(c) paragraphs 1 to 3, 6, 7 and 18 of Schedule 5 and section 16(1) so far as relating to those paragraphs; and
(d) Schedule 6 and section 16(2) so far as relating to the repeals of paragraph 1 of Schedule 5 to the Fair Trading Act 1973 and section 63 of and paragraph 15(4) of Schedule 7 to the 1986 Act,").

The noble Earl said: Amendment No. 68 extends the provisions of the Bill which are to be applicable to Northern Ireland. I beg to move.

On Question, amendment agreed to.

Clause 17, as amended, agreed to.

Schedule 2 [The gas code]:

Earl Ferrers moved Amendment No. 69:


Page 19, line 33, at end insert:
("(2) In so far as the provisions of this Schedule, other than paragraphs 17 to 19 below, apply in relation to a public gas transporter, gas supplier or gas shipper, they shall have effect subject to any conditions of his licence.").

The noble Earl said: In moving Amendment No. 69, I shall speak also to Amendment No. 79. Amendment No. 69 would make all the provisions of Schedule 2B, except for the safety provisions in paragraphs 17 to 19, subject to any conditions that are put in licences. That will provide consumers with an important additional protection in that in a number of places the draft standard licence conditions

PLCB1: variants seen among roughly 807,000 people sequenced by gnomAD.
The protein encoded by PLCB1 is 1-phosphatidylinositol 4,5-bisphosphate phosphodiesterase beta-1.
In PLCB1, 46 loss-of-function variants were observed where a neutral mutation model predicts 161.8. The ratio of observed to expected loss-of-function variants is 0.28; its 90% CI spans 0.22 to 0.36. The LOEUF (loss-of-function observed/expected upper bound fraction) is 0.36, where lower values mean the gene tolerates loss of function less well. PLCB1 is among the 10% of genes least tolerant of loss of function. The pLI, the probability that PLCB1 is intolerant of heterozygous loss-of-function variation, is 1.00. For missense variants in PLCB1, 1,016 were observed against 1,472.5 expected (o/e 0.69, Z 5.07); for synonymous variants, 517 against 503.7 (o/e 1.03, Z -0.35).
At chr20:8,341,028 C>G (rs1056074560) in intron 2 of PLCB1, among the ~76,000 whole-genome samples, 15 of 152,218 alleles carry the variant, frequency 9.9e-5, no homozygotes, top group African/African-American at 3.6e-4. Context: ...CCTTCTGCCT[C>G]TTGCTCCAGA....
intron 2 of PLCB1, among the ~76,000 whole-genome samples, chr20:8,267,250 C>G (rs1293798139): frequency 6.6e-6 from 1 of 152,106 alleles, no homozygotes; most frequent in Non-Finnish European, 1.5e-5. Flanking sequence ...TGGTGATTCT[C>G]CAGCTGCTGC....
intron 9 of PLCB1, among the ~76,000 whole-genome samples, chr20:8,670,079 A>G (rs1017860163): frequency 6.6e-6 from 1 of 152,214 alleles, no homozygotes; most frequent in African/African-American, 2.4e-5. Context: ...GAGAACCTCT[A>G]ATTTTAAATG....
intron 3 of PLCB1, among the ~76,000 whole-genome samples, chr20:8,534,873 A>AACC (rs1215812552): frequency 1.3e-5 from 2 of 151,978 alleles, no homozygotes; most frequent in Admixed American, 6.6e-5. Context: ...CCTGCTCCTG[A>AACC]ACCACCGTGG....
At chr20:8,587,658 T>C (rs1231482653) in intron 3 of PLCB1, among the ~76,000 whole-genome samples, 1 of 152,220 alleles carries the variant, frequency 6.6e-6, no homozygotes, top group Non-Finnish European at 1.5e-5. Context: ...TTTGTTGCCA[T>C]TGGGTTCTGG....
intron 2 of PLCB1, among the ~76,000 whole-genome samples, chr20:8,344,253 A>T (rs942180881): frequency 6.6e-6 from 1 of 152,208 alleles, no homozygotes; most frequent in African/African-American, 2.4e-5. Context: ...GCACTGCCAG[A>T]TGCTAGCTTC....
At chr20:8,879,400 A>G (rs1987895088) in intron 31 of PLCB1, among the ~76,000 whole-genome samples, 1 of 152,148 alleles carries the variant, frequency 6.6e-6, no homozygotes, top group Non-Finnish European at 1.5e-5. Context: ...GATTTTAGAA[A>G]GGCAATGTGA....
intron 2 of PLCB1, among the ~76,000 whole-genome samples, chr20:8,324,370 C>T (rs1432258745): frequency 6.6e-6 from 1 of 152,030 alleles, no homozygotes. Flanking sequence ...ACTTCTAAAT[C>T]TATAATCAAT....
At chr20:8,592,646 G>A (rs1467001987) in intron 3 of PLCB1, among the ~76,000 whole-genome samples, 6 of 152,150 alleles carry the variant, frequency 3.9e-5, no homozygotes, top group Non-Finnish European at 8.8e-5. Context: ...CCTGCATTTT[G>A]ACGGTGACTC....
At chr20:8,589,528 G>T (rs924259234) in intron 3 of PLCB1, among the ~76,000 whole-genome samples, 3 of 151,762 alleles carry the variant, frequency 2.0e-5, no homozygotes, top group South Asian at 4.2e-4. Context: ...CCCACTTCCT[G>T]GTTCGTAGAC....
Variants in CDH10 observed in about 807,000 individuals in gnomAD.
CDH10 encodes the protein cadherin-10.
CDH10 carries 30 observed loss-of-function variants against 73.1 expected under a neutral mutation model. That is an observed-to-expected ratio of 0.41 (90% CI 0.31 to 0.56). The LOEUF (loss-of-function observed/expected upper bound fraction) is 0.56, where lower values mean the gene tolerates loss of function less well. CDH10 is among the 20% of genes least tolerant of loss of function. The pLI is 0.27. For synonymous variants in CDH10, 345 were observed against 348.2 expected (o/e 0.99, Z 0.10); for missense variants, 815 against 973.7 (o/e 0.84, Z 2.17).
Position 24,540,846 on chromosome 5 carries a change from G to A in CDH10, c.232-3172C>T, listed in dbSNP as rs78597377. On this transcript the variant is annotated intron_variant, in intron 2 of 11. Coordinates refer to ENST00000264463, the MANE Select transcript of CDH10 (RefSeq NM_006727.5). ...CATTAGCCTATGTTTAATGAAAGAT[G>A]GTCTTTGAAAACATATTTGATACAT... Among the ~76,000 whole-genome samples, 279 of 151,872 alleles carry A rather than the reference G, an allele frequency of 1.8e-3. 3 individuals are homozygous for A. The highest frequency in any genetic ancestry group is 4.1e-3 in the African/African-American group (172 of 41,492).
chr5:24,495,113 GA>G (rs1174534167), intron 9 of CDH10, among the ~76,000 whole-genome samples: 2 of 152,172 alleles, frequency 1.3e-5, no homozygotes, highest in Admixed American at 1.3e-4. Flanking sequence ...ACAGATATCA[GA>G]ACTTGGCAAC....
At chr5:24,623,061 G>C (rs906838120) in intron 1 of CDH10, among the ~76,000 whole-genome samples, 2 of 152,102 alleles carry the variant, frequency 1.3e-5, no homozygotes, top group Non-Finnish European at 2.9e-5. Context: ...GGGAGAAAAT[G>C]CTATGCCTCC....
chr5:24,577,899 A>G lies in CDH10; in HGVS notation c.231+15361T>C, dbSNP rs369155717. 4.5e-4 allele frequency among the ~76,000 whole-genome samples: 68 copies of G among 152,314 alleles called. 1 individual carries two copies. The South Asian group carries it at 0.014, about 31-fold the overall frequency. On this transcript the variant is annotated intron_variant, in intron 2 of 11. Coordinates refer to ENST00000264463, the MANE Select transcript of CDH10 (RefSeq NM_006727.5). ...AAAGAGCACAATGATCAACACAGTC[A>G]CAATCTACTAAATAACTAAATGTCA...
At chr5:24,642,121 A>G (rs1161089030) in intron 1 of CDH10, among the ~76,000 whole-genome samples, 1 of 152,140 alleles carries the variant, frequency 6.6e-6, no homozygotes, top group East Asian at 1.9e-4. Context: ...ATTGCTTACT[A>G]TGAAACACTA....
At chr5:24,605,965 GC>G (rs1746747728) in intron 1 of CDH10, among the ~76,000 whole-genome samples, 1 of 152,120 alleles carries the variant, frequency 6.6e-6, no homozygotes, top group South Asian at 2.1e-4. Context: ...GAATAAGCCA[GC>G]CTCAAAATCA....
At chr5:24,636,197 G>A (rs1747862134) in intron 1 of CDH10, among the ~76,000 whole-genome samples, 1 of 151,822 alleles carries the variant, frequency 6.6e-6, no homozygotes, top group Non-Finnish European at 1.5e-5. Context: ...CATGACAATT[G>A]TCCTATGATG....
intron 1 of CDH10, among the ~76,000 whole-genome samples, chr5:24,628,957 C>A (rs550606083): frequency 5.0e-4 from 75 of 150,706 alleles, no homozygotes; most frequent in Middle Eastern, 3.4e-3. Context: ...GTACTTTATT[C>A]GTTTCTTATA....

28 Jun 1995 : Column 756

place restrictions or pre-conditions on the powers and rights of entry which Schedule 2 otherwise gives to licensees.

For example, the draft standard conditions of suppliers' licences set out the special arrangements which a supplier must offer to customers in genuine difficulties—a payment plan or prepayment meter and so forth—before he can use his statutory powers to disconnect. The draft conditions also affect the exercise of rights of entry under Schedule 2B, for example, by obliging licensees to co-ordinate their requests so as to avoid undue disturbance to the customer. Amendment No. 79 makes a deletion which is consequential upon Amendment No. 69. I beg to move.

On Question, amendment agreed to.

3.15 p.m.

Lord Clinton-Davis moved Amendment No. 69A:


Page 20, line 25, leave out from ("order") to end and insert:
("half the cost by that person and the balance by the person required to keep the meter in proper order by sub-paragraph (1) or (3) above;").